• Disadvantages
    • Delays due to traffic jams, equipment breakdown and accidents
    • Subject to size and weight restrictions enforced by states
rail transportation
Rail Transportation
  • Major type in the US
  • Accounts for 38 percent of total intercity of freight.
  • Important for moving heavy and bulky freight such as coal, steel, lumber, chemicals, grain, farm equipment
  • Advantages
    • Can ship at low costs by handling large quantities
    • Seldom slowed or stopped by bad weather
  • Disadvantages
    • Lack of flexibility
    • Can pick up and deliver goods only at stations along designated rail lines
    • Can not reach as many places as motor carriers do
water transportation
Water Transportation
  • Oldest methods of transporting merchandise
  • Internal shipping from one port to another on connecting river and lakes. (Agricultural products get shipped from Midwest to other parts of the world)
  • Intracoastal shipping – between ports along the Atlantic or Pacific coasts
  • Advantages
    • Low cost – ships and barges are the cheapest form of freight transportation
  • Disadvantages
    • Slowest form of transportation
    • Buyers that are located far from port city must have products off-loaded from ships onto railroad cars or motor carriers to reach destination.
    • Water transportation is affected by bad weather. Great Lakes shipping is usually closed for 2-3 months in the winter.
pipeline
Pipeline
  • Normally owned by the company using them. Considered private carriers.
  • There are more than 200,000 miles of pipelines in the US
  • Most frequently used to transport oil and natural gas
  • Carry approximately 20 percent of the ton-miles of freight transported in the US
  • Advantages
    • Operational costs are small, but high initial investment
    • Risk of pipeline leak is small, but when a leak does occur the damage to the environment can be extensive.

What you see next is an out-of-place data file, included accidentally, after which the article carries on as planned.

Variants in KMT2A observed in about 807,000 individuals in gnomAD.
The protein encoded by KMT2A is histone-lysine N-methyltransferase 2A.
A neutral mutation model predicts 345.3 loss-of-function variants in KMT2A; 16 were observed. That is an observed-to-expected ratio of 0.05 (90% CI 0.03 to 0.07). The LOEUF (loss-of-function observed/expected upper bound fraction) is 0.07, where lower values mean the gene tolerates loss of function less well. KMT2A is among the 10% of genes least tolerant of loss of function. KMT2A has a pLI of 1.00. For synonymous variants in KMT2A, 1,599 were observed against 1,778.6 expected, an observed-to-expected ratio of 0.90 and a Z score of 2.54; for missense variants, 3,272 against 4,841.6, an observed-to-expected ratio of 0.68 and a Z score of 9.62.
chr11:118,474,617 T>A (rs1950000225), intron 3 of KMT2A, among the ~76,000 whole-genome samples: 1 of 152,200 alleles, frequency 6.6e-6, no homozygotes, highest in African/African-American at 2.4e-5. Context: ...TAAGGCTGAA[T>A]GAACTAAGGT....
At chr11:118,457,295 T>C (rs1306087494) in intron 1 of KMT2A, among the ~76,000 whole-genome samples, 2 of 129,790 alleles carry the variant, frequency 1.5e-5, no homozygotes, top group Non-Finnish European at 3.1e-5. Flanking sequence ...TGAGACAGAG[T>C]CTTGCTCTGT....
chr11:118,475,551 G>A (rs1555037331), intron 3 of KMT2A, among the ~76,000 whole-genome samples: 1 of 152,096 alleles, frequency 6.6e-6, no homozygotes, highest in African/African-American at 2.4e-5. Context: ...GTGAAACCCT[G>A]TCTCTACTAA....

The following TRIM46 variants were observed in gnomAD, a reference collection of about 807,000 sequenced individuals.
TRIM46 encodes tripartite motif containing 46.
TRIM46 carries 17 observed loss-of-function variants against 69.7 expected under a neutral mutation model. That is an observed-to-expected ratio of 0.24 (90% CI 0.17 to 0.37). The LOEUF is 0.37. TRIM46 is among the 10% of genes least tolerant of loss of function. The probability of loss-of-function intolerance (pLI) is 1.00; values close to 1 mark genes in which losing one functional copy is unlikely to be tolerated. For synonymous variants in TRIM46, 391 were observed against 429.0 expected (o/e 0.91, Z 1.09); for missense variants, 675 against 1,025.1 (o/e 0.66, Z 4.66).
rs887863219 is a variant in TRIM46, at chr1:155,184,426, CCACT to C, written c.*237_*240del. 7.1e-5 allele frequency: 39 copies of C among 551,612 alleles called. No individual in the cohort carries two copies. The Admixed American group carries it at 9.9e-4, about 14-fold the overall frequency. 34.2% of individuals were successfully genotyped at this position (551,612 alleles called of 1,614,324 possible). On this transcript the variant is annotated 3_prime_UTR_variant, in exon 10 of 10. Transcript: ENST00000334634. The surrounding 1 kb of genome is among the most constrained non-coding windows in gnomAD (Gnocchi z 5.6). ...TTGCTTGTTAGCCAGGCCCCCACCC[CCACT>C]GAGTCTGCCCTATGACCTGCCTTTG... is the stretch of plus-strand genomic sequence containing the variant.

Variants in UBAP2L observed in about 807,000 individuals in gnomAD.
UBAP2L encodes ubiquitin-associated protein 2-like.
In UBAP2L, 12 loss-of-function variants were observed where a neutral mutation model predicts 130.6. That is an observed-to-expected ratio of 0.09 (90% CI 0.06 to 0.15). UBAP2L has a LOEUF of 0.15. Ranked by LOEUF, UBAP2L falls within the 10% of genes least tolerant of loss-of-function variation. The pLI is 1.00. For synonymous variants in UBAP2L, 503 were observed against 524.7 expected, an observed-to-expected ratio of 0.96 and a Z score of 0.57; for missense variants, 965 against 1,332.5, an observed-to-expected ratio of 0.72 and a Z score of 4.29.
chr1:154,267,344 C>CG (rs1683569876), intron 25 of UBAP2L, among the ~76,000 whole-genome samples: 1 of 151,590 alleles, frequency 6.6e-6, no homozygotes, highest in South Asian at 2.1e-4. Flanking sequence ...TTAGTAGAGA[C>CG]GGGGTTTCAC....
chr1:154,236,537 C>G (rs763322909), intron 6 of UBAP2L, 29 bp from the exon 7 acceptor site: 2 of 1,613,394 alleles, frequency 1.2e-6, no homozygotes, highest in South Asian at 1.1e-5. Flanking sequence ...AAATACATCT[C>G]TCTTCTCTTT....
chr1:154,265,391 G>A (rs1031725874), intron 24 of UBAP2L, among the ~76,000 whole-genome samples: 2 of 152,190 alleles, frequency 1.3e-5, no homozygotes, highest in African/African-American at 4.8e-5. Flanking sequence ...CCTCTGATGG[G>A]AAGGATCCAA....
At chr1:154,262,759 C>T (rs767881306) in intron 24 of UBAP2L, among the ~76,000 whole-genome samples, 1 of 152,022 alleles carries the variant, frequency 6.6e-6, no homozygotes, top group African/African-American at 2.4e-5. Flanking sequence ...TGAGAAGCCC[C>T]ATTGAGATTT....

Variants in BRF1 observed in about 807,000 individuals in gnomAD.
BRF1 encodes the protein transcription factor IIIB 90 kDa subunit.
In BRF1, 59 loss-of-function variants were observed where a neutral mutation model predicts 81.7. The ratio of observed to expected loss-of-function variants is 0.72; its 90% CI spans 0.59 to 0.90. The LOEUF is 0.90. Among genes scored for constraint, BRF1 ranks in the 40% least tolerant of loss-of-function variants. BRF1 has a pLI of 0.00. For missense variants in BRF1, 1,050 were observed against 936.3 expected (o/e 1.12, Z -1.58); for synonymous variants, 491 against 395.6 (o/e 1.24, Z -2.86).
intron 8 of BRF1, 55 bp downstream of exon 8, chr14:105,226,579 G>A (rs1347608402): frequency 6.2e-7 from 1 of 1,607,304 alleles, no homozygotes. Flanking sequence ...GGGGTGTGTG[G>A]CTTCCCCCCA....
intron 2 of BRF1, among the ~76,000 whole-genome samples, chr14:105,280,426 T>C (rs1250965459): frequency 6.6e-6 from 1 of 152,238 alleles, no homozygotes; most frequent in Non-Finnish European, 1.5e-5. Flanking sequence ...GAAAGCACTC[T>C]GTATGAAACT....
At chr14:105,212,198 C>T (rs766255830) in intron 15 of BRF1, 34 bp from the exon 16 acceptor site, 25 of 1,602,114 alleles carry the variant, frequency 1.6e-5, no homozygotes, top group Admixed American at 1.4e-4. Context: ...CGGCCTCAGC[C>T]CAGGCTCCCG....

• Not subjected to delivery delays due to bad weather
air transportation
Air Transportation
  • Less than one percent of the total ton-miles of freight shipped
  • High value, low-weight items such as overnight mail are often shipped by air.
  • FAA regulates air transportation – does not regulate charges for air freight.
  • Advantages
    • Speed
    • Satisfies customers who need something quickly
    • Reduces inventory expenses and storage costs for warehousing products.
  • Disadvantages
    • Cost
    • Mechanical breakdowns and delays in delivery caused by bad weather.
inventory storage
Inventory Storage
  • Storage is the marketing function of holding goods until they are sold.
  • Essential for most businesses – needs to store products until orders are received from customers.
  • Storing goods adds time and place utility to products.
  • Costs involved in storing products include space, equipment and personnel.
private warehouses
Private Warehouses
  • A facility designed to meet the specific needs of its owner.
  • Valuable for companies that move a large volume of products.
  • Costly to build and maintain.
  • Stores that use private warehouses are: Sears, Radio Shack, Kmart.
public warehouses
Public Warehouses
  • Offers storage and handling facilities to individuals or companies.
  • Available to any company that will pay for its use.
  • Public warehouses not only rent space but provide services to businesses.
  • Good for businesses that have low storage needs or seasonal production.
distribution centers
Distribution Centers
  • Warehouse designed to speed delivery of goods and to minimize storage costs.
  • Planned around markets instead of transportation requirements.
  • Sherwin-Williams, Benjamin Moore paints, WalMart
distribution for international markets
Distribution for International Markets
  • Critical in global marketing.
  • Exports now support one-sixth of the manufacturing and agricultural output of the US
  • Requires even more planning than for selling within domestic markets
  • Some countries have legal restrictions about how products may be transported
  • Businesses must understand other countries’ physical transportation systems.